Sunday, February 27, 2011

We will have a Rad Dad Release Party on March 26th at 7pm at Actual Cafe in Oakland. Please come say hello and pick up some copies of Rad Dad (and other zines - there will be a zine table), listen to two bands with papas in them (Team Nisto and Nomi), and hear a few radical parents read!

Line Up

Team Nisto: 700-730
Readers 745-815
Nomi 830-900

Monday, February 14, 2011

mini east coast tour getting set!

here's the first announcement of the tour that will happen between april 20th and april 29th...

set dates are:

NYC with ayun halliday and vikki law monday april 25th Bluestockings
Providence with chelsea gunn and more thursday april 28th at Ada Books organized by Sine Cera
Boston at friday april 29th at Papercut Zine Library

and our first write up in Providence, RI.


Thursday, February 03, 2011

Doing The Wrong Thing is Better Than Doing Nothing: The Intro to Rad Dad 19

Parenting has taught me a lot about dealing with things I'd rather not deal with. I’ve been forced to breathe deeply and make the call to the doctor at three in the morning: um, my daughter won’t stop crying, and when the doctor asks why she’s crying, I’ve had to confess, well I kinda dropped her today.

That never feels good to admit to.

Or I’ve had to clench my mouth shut tightly and just let my daughter have her feelings, be disappointed, resist the urge to placate her, to try to “make” her feel better by saying something inane like, well your little ten year old friend is a

Definitely, not good parental role modeling.

I’ve also learned to deal with larger, seemingly inhuman bureaucratic systems such as the school system with all its rules and policies that punish children for their parents’ choice or responsibilities. No, I don’t think it’s fair that my seventh grader gets an F in classes because I took her on a trip to see a sick relative. I’ve learned to face a police and justice system that views children as criminals first and people second.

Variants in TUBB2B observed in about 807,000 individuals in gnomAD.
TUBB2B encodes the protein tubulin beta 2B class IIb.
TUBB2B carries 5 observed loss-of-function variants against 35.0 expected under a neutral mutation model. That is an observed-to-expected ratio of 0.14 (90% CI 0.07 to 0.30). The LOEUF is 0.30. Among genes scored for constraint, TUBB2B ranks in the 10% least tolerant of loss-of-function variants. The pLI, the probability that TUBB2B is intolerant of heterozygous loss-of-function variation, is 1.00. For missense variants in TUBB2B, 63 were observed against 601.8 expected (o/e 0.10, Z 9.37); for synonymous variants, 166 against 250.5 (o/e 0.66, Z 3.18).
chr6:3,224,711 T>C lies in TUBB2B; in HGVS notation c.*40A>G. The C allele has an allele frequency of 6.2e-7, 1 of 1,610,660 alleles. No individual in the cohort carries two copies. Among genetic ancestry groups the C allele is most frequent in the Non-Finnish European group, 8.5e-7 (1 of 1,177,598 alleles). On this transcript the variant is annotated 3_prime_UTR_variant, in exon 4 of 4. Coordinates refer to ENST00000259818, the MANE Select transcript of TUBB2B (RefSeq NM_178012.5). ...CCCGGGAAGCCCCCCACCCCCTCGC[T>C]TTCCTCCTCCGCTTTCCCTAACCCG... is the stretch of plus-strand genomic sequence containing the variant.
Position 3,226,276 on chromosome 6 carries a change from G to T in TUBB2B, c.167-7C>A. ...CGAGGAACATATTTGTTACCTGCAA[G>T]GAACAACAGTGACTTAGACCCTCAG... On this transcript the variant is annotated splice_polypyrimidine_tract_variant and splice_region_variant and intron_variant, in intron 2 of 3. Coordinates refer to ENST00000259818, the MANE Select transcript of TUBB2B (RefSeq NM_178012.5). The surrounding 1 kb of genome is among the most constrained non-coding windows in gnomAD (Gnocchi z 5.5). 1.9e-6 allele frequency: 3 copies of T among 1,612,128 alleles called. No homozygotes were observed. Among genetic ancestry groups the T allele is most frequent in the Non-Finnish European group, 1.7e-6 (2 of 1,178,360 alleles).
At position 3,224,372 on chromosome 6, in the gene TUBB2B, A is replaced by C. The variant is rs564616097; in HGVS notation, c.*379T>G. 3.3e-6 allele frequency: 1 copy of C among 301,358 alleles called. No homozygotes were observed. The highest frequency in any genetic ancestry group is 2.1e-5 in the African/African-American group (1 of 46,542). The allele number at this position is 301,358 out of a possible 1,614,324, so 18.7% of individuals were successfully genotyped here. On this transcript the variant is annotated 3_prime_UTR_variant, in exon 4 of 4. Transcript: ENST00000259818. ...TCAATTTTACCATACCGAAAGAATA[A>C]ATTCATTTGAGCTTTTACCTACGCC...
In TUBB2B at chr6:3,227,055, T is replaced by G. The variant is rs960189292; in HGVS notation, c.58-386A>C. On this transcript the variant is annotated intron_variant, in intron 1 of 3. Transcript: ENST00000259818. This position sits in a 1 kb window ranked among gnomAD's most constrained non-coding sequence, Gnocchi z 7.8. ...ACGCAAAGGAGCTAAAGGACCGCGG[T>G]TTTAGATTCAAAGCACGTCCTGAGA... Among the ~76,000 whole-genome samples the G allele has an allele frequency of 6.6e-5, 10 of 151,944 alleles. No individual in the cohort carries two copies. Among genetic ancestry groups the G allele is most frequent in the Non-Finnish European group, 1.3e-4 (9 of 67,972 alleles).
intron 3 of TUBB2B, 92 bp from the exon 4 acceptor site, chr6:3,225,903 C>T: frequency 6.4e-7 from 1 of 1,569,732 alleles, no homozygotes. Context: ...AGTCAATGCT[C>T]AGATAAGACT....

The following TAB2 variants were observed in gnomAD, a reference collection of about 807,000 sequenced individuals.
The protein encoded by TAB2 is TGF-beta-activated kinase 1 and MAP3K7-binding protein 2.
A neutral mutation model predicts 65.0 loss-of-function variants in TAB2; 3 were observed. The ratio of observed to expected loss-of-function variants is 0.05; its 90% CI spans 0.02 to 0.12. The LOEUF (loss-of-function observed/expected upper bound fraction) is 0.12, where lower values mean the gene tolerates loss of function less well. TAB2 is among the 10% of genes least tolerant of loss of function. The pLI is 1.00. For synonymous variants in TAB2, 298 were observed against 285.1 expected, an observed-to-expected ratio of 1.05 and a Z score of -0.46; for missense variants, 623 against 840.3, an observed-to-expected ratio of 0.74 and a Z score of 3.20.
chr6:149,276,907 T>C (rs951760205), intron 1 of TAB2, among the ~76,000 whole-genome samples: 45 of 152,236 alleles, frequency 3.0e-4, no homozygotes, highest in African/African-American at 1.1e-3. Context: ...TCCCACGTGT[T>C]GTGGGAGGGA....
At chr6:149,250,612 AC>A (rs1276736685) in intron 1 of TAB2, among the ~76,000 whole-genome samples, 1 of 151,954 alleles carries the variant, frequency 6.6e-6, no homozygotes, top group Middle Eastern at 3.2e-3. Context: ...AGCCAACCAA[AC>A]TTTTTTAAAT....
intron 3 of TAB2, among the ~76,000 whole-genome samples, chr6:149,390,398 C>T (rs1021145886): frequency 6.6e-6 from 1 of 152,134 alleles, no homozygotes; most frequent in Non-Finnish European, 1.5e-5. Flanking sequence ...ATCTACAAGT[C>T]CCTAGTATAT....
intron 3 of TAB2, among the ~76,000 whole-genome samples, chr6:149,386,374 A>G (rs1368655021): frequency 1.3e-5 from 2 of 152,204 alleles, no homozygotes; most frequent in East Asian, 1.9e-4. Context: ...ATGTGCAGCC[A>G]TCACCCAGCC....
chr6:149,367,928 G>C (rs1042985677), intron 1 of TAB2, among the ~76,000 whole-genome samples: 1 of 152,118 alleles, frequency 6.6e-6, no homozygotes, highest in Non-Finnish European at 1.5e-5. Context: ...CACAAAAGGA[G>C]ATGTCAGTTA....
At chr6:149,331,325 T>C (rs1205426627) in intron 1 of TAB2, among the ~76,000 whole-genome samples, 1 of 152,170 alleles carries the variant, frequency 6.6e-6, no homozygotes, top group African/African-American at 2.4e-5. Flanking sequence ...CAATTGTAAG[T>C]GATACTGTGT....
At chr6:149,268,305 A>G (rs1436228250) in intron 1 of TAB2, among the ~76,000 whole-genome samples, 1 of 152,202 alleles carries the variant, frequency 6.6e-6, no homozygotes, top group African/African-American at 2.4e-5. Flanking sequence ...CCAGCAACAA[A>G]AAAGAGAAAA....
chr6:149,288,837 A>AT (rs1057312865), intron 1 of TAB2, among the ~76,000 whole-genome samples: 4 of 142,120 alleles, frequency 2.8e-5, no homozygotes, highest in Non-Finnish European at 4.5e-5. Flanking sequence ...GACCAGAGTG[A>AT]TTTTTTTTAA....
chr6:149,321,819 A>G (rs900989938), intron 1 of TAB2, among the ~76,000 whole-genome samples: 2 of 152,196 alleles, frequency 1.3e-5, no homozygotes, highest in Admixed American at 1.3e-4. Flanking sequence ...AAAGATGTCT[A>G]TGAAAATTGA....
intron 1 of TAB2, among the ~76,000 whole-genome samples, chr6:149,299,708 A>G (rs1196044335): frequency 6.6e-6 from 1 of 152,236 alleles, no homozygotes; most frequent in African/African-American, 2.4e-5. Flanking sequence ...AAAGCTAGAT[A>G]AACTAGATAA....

Parenting has shown me that both the little things and big things in life can be sometimes daunting to face. As the saying goes, shit ain’t easy. Life is messy. People, messy. Friendship is work and commitment as well as fun and pleasurable. Just like parenting.

Sometimes I do wish I could just ignore things, overlook stuff I don’t really want to face, pretend I just didn’t know. Just go on with my everyday routine.

Parenting, however, has also demonstrated that there are the choices we need to make between letting some things slide while focusing on others.

My daughter’s arriving home ten minutes late after school might be ok now and then. I can raise an eyebrow and shrug off her, what, the bus was late, exasperated remark when I ask why she’s not on time. Because when she’s out at night and forgets to call when I explicitly explained that I expected her to, that ain’t something you can let slide. It’s something you have to address, and it’s difficult to hold her to the agreed upon consequences. It’s painful to hear her anger, her frustration, to be the target of her unmitigated teenage rage. And that shit’s scary.